• georgehants

    Admin I appreciate that other than helping to explain why Cold Fusion has been debunked for 24 years this post could be considered “off topic” but I feel that rather than going round in circles discussing Rossi’s report etc. that will mean something only when released and until then all speculation is fun but fruitless, we should do more to help put right the failings that have led Science to the terrible position that it is in regarding Cold Fusion etc.
    Please remove if beyond the fringe.
    For those who may be interested in why Cold Fusion and many subjects are not in the Main-stream.
    The TED debate.
    Reply to Chris Anderson, TED and the TED Community: We’re Halfway There, But…

    • Gerrit

      I like the TED debate, it is not off topic to cold fusion. Thanks for posting

      • georgehants

        Thanks Gerrit, these guys are in exactly the same position as the Cold Fusion people, trying to get science to follow Evidence and Research and not just debunk and deny based on “opinion” from people who have a psychological barrier against the Truth.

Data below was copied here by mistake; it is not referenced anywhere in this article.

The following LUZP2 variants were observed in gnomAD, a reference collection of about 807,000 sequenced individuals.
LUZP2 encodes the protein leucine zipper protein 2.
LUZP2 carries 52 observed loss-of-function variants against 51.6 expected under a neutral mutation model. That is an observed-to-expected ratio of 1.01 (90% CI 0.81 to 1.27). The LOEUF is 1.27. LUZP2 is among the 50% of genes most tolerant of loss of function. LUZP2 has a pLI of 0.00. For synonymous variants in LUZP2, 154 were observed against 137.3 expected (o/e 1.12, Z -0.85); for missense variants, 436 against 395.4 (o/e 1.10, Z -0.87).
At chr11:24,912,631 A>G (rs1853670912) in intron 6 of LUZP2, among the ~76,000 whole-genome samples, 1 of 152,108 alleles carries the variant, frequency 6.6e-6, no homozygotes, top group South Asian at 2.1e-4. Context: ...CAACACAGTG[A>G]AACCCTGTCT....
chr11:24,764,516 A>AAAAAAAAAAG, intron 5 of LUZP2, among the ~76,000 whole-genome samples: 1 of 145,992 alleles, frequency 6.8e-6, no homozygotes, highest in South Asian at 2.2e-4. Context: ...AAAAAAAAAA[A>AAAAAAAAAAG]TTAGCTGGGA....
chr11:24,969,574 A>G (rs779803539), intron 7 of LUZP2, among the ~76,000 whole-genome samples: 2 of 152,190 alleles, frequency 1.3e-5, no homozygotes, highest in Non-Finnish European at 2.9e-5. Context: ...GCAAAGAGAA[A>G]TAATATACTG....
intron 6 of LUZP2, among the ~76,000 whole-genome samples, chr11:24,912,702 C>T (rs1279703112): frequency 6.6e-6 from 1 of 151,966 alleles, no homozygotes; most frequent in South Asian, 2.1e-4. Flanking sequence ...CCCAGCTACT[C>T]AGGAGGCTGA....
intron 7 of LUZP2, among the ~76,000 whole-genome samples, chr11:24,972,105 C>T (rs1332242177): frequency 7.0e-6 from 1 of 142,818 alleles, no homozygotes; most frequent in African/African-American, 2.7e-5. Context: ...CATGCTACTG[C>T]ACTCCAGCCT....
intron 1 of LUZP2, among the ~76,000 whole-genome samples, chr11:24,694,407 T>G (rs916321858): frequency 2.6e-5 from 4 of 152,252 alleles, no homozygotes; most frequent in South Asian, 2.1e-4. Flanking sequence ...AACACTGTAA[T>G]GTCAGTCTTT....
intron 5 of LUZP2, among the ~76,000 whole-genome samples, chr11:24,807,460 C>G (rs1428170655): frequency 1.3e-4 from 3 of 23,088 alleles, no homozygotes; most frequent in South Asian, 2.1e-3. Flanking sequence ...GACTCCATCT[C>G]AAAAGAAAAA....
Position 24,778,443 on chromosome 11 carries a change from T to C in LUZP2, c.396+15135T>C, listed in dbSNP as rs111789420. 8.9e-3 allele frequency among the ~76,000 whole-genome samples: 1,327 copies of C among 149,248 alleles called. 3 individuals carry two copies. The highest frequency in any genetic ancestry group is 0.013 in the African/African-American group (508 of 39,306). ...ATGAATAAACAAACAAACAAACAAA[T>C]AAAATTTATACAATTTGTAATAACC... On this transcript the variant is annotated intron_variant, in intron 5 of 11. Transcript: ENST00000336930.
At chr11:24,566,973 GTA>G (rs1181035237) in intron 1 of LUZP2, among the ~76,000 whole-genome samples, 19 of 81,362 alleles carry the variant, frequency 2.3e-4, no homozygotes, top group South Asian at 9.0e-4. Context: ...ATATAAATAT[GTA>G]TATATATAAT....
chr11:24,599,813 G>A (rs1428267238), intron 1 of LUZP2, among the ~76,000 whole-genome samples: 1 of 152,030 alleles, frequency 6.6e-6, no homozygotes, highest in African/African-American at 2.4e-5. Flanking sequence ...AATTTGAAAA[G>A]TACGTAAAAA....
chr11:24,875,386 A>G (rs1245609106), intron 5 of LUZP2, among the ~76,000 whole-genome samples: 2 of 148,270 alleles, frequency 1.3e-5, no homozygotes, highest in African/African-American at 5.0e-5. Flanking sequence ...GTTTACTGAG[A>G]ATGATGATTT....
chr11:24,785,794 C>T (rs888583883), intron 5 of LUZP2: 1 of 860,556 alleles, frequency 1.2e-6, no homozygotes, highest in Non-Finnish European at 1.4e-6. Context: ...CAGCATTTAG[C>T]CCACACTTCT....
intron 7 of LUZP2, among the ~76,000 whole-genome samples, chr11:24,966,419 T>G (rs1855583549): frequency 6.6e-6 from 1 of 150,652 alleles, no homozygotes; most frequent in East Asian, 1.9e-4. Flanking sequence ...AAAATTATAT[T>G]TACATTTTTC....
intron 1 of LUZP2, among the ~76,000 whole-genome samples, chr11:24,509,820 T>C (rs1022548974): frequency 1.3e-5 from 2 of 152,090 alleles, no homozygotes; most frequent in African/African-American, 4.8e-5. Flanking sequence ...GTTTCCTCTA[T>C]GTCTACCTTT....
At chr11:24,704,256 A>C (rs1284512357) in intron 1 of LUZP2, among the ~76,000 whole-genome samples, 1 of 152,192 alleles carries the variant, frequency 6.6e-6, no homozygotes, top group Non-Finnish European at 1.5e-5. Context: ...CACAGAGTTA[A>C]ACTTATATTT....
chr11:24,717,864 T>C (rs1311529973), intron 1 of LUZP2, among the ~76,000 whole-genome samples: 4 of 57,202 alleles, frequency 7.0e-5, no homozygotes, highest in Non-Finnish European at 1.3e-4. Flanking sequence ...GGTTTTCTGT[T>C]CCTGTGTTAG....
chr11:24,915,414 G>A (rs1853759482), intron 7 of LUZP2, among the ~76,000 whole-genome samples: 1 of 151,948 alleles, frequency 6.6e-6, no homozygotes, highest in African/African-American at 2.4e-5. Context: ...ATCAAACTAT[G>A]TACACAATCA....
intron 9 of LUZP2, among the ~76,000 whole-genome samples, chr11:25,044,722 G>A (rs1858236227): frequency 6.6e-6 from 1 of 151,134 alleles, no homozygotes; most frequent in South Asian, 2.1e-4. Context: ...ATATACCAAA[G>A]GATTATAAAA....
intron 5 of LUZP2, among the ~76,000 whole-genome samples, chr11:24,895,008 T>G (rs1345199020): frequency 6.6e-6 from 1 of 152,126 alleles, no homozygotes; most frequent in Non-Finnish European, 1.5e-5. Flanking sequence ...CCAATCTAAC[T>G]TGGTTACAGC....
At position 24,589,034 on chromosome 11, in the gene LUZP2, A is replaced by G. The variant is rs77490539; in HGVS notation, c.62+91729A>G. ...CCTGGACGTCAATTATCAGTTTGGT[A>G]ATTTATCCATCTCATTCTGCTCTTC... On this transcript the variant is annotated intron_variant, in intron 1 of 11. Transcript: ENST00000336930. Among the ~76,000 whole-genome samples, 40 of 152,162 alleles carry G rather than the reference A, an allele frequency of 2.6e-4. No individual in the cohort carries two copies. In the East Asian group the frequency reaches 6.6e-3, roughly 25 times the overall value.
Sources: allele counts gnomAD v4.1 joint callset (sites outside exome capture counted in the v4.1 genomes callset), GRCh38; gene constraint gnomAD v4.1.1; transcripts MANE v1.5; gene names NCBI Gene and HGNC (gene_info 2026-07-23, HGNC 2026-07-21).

My “opinion” is that logically and sensibly, finding The Truth is the only scientific principle of any worth.
        As a certain scientist once said “everything else is just stamp collecting.

        • GreenWin

          Agree, do to slow e-cat news day. TEDx has censored a scientific subject that it should be pioneering – understanding human consciousness. This will likely become a firing line for defenders of rational materialism.

          In other news: Congresswoman Says Climate Change Driving Women Into Prostitution:

          • GreenWin

            errata; Do should be DUE…

          • Barry

            While we’re waiting for the CF shoe to drop…Deepak Chopra, author of Ageless Body Timeless Mind, sure is getting up in years.